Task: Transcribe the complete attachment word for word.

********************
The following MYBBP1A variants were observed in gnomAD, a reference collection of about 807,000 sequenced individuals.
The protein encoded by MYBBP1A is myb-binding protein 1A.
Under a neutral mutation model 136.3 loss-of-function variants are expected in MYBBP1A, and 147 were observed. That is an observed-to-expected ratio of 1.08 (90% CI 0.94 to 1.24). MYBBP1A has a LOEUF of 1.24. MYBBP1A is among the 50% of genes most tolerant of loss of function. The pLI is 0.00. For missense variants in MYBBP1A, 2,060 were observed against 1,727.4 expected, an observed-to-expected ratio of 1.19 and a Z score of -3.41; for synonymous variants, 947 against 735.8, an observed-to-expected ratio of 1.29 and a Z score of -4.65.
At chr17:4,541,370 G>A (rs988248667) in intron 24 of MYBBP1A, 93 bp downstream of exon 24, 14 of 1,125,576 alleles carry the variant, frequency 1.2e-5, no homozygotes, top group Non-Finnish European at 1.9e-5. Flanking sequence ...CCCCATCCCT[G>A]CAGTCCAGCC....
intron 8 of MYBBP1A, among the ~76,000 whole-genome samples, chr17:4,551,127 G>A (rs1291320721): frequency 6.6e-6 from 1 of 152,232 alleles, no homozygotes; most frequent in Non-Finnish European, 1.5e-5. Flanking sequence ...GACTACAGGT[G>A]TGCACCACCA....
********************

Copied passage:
The following MYBBP1A variants were observed in gnomAD, a reference collection of about 807,000 sequenced individuals.
The protein encoded by MYBBP1A is myb-binding protein 1A.
Under a neutral mutation model 136.3 loss-of-function variants are expected in MYBBP1A, and 147 were observed. That is an observed-to-expected ratio of 1.08 (90% CI 0.94 to 1.24). MYBBP1A has a LOEUF of 1.24. MYBBP1A is among the 50% of genes most tolerant of loss of function. The pLI is 0.00. For missense variants in MYBBP1A, 2,060 were observed against 1,727.4 expected, an observed-to-expected ratio of 1.19 and a Z score of -3.41; for synonymous variants, 947 against 735.8, an observed-to-expected ratio of 1.29 and a Z score of -4.65.
At chr17:4,541,370 G>A (rs988248667) in intron 24 of MYBBP1A, 93 bp downstream of exon 24, 14 of 1,125,576 alleles carry the variant, frequency 1.2e-5, no homozygotes, top group Non-Finnish European at 1.9e-5. Flanking sequence ...CCCCATCCCT[G>A]CAGTCCAGCC....
intron 8 of MYBBP1A, among the ~76,000 whole-genome samples, chr17:4,551,127 G>A (rs1291320721): frequency 6.6e-6 from 1 of 152,232 alleles, no homozygotes; most frequent in Non-Finnish European, 1.5e-5. Flanking sequence ...GACTACAGGT[G>A]TGCACCACCA....